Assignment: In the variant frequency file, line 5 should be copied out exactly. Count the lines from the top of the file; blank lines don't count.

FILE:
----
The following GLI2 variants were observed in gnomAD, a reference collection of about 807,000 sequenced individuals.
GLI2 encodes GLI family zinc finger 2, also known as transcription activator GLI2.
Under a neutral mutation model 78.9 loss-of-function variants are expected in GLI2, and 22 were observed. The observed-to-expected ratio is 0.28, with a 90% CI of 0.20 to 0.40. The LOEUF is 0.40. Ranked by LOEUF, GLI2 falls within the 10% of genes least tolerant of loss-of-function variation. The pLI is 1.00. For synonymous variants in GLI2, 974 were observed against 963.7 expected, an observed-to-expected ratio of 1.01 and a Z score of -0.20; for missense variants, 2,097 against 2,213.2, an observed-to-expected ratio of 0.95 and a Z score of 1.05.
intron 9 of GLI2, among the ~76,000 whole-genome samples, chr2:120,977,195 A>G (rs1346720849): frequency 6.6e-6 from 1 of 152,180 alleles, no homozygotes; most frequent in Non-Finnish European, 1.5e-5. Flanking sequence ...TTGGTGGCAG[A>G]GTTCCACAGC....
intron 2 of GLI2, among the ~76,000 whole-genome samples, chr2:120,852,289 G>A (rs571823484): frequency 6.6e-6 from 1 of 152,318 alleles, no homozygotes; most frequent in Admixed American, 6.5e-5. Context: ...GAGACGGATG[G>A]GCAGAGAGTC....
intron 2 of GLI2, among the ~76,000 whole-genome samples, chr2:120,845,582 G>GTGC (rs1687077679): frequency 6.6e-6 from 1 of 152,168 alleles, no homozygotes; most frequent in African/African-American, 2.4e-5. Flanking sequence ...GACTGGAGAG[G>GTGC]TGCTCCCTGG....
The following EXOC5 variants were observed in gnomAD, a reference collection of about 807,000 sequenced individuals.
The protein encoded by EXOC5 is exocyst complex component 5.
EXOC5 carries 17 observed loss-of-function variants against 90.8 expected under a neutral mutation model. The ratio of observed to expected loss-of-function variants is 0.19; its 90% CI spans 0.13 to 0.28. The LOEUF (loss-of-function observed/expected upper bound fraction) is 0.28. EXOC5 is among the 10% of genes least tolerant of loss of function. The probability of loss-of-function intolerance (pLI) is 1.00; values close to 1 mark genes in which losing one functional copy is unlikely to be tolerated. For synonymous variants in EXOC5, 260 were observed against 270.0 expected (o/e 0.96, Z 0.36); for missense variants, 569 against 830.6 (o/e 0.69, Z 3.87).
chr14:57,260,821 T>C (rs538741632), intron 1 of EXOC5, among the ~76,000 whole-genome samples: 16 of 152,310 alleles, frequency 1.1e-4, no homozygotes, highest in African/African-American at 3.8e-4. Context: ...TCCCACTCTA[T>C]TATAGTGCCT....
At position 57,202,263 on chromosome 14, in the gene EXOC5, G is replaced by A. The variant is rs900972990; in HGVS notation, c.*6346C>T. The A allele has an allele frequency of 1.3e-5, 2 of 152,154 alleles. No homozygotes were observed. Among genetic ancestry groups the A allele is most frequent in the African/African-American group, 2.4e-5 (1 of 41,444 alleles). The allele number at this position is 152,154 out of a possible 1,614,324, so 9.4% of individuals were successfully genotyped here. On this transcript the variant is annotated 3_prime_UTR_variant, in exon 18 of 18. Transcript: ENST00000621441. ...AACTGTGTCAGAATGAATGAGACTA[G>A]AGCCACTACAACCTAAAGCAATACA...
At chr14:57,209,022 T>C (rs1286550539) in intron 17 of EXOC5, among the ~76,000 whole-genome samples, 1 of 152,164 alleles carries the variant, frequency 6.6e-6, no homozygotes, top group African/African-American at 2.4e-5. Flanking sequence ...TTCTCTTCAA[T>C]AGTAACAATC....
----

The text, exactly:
intron 2 of GLI2, among the ~76,000 whole-genome samples, chr2:120,852,289 G>A (rs571823484): frequency 6.6e-6 from 1 of 152,318 alleles, no homozygotes; most frequent in Admixed American, 6.5e-5. Context: ...GAGACGGATG[G>A]GCAGAGAGTC....